Living environment can control men’s testosterone development, UK study finds

June 10, 2020

A study led by Durham University, UK, suggests that testosterone levels are heavily influenced by a man’s childhood environment – men who grow up in more challenging conditions are likely to have lower testosterone levels in later life than those who spend their childhood in healthier environments.The study found that Bangladeshi men who grew up and lived as adults in the UK had significantly higher levels of testosterone compared to counterparts who grew up and lived in Bangladesh.

The university researchers studied saliva samples and relevant data on height, weight, age of puberty and other health informationfrom about 360 men. They then compared the following groups: men who were born and reside in Bangladesh; Bangladeshi men who moved to the UK (London) as children; Bangladeshi men who moved to the UK as adults; UK-born men whose parents were Bangladeshi migrants; and UK-born ethnic Europeans.

A stark distinction presented in Bangladeshi men who grew up and lived as adults in the UK – they had significantly higher levels of testosterone. Bangladeshis in the UK also reached puberty at a younger age and were taller than men who lived in Bangladesh throughout their childhood. This is probably due to differences in energy investment, as it may only be possible to have high testosterone levels if there are not many other demands placed on the body, including exposure to disease or poor nutrition.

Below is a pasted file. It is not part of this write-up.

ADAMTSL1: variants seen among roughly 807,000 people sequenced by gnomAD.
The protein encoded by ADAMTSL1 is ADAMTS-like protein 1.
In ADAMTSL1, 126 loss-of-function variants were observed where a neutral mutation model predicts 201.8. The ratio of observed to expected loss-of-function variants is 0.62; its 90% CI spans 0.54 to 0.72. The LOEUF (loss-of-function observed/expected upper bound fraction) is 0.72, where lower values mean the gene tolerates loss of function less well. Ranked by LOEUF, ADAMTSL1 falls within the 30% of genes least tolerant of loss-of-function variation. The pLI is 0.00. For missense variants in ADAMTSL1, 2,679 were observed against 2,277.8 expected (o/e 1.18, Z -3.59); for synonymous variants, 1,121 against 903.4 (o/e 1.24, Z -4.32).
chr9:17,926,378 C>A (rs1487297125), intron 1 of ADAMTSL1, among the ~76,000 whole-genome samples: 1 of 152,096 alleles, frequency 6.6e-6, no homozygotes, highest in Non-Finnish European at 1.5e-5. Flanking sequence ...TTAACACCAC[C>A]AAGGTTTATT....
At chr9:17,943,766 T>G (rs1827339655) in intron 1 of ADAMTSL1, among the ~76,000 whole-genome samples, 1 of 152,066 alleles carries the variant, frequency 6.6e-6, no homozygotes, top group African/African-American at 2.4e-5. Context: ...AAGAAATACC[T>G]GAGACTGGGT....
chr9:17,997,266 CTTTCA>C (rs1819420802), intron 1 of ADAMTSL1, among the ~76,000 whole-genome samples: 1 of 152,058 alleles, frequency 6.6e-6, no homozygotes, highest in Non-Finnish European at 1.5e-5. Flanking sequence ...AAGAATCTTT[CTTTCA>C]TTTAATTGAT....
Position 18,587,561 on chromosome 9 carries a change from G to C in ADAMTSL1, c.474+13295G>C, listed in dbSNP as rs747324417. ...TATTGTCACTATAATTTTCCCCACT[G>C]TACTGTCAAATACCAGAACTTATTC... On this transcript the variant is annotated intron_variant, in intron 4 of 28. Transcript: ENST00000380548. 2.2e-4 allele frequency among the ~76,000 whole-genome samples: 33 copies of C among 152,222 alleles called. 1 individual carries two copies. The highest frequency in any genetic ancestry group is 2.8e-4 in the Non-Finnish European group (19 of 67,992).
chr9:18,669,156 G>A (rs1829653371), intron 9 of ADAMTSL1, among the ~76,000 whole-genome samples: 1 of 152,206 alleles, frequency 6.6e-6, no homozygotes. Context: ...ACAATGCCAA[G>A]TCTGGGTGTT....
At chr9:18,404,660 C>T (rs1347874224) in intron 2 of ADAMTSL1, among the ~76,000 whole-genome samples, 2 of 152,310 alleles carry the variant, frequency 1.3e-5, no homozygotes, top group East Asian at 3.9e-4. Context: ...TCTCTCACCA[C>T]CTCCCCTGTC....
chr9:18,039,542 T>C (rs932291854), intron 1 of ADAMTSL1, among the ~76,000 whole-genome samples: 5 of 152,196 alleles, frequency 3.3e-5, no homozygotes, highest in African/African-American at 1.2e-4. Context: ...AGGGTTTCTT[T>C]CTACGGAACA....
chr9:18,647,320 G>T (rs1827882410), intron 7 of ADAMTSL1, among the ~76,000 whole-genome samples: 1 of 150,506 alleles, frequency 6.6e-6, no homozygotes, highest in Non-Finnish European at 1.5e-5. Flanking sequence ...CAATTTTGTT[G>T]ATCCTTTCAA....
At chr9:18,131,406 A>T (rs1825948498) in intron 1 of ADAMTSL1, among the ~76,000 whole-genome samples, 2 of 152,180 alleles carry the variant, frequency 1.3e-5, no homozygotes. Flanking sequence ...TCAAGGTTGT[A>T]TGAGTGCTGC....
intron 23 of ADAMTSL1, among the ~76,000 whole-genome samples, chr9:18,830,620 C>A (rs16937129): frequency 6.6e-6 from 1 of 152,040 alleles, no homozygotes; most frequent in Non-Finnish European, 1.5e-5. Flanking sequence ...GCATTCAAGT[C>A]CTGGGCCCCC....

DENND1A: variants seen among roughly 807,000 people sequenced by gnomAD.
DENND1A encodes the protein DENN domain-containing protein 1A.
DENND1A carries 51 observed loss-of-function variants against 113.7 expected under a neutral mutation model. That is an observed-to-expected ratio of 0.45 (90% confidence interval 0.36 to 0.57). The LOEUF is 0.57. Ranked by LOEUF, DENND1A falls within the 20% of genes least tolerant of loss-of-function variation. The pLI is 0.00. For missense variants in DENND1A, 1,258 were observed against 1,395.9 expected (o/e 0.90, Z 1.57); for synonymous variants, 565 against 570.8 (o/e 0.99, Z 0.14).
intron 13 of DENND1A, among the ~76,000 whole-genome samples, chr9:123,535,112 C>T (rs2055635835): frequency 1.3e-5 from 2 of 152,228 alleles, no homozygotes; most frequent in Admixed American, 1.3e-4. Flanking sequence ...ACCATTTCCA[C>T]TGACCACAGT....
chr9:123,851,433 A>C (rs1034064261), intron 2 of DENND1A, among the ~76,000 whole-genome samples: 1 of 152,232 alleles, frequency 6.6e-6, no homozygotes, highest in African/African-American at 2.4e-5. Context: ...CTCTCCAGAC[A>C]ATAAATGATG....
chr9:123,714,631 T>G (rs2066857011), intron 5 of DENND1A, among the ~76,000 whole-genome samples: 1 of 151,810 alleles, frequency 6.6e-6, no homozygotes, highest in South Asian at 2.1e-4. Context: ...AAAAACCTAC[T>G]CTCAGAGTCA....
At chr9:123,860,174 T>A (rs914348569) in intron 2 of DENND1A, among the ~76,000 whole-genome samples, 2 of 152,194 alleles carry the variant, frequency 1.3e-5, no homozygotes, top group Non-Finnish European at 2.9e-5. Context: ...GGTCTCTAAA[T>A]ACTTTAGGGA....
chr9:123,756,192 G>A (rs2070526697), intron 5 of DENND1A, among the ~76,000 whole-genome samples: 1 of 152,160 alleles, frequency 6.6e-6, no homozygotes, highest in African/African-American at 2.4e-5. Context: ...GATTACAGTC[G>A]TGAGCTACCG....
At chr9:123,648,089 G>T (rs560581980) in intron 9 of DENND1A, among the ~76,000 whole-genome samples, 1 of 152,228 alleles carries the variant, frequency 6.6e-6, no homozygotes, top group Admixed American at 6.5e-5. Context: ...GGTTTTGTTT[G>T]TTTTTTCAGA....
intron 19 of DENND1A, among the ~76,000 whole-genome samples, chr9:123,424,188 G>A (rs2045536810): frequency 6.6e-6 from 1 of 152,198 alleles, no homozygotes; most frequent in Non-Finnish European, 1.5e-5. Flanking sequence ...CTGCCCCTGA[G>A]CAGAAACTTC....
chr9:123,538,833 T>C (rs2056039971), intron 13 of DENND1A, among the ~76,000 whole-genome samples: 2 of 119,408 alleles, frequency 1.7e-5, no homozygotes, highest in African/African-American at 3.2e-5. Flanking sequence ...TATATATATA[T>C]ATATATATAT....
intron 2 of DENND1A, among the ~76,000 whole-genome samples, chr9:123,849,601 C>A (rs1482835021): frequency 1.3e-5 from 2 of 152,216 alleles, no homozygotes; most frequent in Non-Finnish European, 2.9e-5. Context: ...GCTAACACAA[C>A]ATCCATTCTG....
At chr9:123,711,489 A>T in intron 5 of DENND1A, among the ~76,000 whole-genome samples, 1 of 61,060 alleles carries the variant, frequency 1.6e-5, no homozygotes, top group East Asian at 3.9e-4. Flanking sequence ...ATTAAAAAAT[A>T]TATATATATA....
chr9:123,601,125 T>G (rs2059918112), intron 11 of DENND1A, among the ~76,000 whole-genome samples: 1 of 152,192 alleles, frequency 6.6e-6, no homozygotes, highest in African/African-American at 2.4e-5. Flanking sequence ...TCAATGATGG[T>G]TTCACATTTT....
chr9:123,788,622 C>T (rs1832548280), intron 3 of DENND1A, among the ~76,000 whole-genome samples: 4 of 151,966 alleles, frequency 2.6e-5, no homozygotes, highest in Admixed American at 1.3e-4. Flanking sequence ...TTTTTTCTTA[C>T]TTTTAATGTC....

While aspects of male reproductive function remain changeable up to the age of 19 and are more flexible in early childhood, the study suggests that, in adulthood, men’s testosterone levels are no longer heavily influenced by their surroundings.

Dr. Kesson Magid from Durham University’s Department of Anthropologyhighlighted that a man’s absolute levels of testosterone “are unlikely to relate to their ethnicity or living environment as adults but instead reflect their surroundings when they were children.”

On the other hand, Professor Gillian Bentley, also from Durham University, commented, “Very high and very low testosterone levels can have implications for men’s health.”

Similar to how the environment in which girls grow up in can affect their hormone levels, fertility and risk levels for reproductive cancers as adults, men with higher levels of testosterone are unfortunately at great risk of potentially adverse effects on health and ageing. Very high testosterone levels have been linked to increased risk of prostate diseases and higher aggression. Meanwhile, very low testosterone levels in men can include lack of energy, loss of libido and erectile dysfunction.

“It could be important to know more about men’s childhood circumstances to build a fuller picture of their risk factors for certain conditions or diseases,” Professor Bentley concluded.

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